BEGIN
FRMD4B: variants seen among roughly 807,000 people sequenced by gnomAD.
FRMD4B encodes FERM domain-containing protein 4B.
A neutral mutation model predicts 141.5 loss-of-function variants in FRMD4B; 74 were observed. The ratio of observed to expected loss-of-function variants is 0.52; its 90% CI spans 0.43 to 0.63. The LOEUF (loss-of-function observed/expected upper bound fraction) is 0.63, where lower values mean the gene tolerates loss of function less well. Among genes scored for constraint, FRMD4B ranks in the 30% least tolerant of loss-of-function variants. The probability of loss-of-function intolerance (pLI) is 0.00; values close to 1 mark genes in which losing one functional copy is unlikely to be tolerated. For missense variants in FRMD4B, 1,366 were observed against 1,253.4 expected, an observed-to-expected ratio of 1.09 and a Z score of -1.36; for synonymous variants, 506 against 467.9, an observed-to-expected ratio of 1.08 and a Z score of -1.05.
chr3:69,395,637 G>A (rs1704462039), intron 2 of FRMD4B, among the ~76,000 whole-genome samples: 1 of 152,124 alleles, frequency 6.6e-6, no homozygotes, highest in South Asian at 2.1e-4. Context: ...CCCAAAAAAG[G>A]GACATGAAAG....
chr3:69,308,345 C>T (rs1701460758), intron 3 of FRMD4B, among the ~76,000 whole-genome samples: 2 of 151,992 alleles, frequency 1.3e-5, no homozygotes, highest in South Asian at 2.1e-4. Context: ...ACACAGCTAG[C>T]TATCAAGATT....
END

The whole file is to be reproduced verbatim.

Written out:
FRMD4B: variants seen among roughly 807,000 people sequenced by gnomAD.
FRMD4B encodes FERM domain-containing protein 4B.
A neutral mutation model predicts 141.5 loss-of-function variants in FRMD4B; 74 were observed. The ratio of observed to expected loss-of-function variants is 0.52; its 90% CI spans 0.43 to 0.63. The LOEUF (loss-of-function observed/expected upper bound fraction) is 0.63, where lower values mean the gene tolerates loss of function less well. Among genes scored for constraint, FRMD4B ranks in the 30% least tolerant of loss-of-function variants. The probability of loss-of-function intolerance (pLI) is 0.00; values close to 1 mark genes in which losing one functional copy is unlikely to be tolerated. For missense variants in FRMD4B, 1,366 were observed against 1,253.4 expected, an observed-to-expected ratio of 1.09 and a Z score of -1.36; for synonymous variants, 506 against 467.9, an observed-to-expected ratio of 1.08 and a Z score of -1.05.
chr3:69,395,637 G>A (rs1704462039), intron 2 of FRMD4B, among the ~76,000 whole-genome samples: 1 of 152,124 alleles, frequency 6.6e-6, no homozygotes, highest in South Asian at 2.1e-4. Context: ...CCCAAAAAAG[G>A]GACATGAAAG....
chr3:69,308,345 C>T (rs1701460758), intron 3 of FRMD4B, among the ~76,000 whole-genome samples: 2 of 151,992 alleles, frequency 1.3e-5, no homozygotes, highest in South Asian at 2.1e-4. Context: ...ACACAGCTAG[C>T]TATCAAGATT....